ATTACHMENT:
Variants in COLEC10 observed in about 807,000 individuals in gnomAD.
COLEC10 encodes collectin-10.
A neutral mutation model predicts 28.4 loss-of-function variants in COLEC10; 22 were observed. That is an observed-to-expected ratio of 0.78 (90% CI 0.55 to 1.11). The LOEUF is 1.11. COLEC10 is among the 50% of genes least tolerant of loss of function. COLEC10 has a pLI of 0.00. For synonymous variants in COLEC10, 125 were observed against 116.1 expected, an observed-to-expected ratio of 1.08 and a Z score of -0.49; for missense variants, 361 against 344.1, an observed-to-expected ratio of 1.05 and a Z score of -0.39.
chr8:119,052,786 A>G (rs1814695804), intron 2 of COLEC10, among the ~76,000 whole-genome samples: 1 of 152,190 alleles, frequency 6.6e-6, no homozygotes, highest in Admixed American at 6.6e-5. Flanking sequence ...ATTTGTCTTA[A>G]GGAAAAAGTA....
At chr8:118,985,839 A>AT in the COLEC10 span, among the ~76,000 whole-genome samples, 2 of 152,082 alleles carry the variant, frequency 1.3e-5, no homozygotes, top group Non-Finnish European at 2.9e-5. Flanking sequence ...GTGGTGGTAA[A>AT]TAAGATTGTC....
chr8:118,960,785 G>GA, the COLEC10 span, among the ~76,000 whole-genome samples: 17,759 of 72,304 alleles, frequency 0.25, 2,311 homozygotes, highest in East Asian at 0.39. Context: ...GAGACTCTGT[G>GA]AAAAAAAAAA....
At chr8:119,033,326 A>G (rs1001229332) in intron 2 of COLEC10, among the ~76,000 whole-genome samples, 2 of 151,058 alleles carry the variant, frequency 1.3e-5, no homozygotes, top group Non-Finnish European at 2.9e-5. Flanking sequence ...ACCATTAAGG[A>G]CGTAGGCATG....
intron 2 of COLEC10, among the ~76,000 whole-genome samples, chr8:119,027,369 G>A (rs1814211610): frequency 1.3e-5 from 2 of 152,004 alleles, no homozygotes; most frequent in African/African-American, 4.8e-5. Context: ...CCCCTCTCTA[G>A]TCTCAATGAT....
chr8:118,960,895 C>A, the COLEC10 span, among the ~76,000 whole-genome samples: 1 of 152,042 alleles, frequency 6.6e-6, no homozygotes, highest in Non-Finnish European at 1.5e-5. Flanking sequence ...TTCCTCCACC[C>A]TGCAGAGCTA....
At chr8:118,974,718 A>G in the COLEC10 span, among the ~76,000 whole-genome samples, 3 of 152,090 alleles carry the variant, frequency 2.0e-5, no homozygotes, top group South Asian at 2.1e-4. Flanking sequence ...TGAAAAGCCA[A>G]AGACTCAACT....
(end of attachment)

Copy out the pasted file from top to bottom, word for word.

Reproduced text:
Variants in COLEC10 observed in about 807,000 individuals in gnomAD.
COLEC10 encodes collectin-10.
A neutral mutation model predicts 28.4 loss-of-function variants in COLEC10; 22 were observed. That is an observed-to-expected ratio of 0.78 (90% CI 0.55 to 1.11). The LOEUF is 1.11. COLEC10 is among the 50% of genes least tolerant of loss of function. COLEC10 has a pLI of 0.00. For synonymous variants in COLEC10, 125 were observed against 116.1 expected, an observed-to-expected ratio of 1.08 and a Z score of -0.49; for missense variants, 361 against 344.1, an observed-to-expected ratio of 1.05 and a Z score of -0.39.
chr8:119,052,786 A>G (rs1814695804), intron 2 of COLEC10, among the ~76,000 whole-genome samples: 1 of 152,190 alleles, frequency 6.6e-6, no homozygotes, highest in Admixed American at 6.6e-5. Flanking sequence ...ATTTGTCTTA[A>G]GGAAAAAGTA....
At chr8:118,985,839 A>AT in the COLEC10 span, among the ~76,000 whole-genome samples, 2 of 152,082 alleles carry the variant, frequency 1.3e-5, no homozygotes, top group Non-Finnish European at 2.9e-5. Flanking sequence ...GTGGTGGTAA[A>AT]TAAGATTGTC....
chr8:118,960,785 G>GA, the COLEC10 span, among the ~76,000 whole-genome samples: 17,759 of 72,304 alleles, frequency 0.25, 2,311 homozygotes, highest in East Asian at 0.39. Context: ...GAGACTCTGT[G>GA]AAAAAAAAAA....
At chr8:119,033,326 A>G (rs1001229332) in intron 2 of COLEC10, among the ~76,000 whole-genome samples, 2 of 151,058 alleles carry the variant, frequency 1.3e-5, no homozygotes, top group Non-Finnish European at 2.9e-5. Flanking sequence ...ACCATTAAGG[A>G]CGTAGGCATG....
intron 2 of COLEC10, among the ~76,000 whole-genome samples, chr8:119,027,369 G>A (rs1814211610): frequency 1.3e-5 from 2 of 152,004 alleles, no homozygotes; most frequent in African/African-American, 4.8e-5. Context: ...CCCCTCTCTA[G>A]TCTCAATGAT....
chr8:118,960,895 C>A, the COLEC10 span, among the ~76,000 whole-genome samples: 1 of 152,042 alleles, frequency 6.6e-6, no homozygotes, highest in Non-Finnish European at 1.5e-5. Flanking sequence ...TTCCTCCACC[C>A]TGCAGAGCTA....
At chr8:118,974,718 A>G in the COLEC10 span, among the ~76,000 whole-genome samples, 3 of 152,090 alleles carry the variant, frequency 2.0e-5, no homozygotes, top group South Asian at 2.1e-4. Flanking sequence ...TGAAAAGCCA[A>G]AGACTCAACT....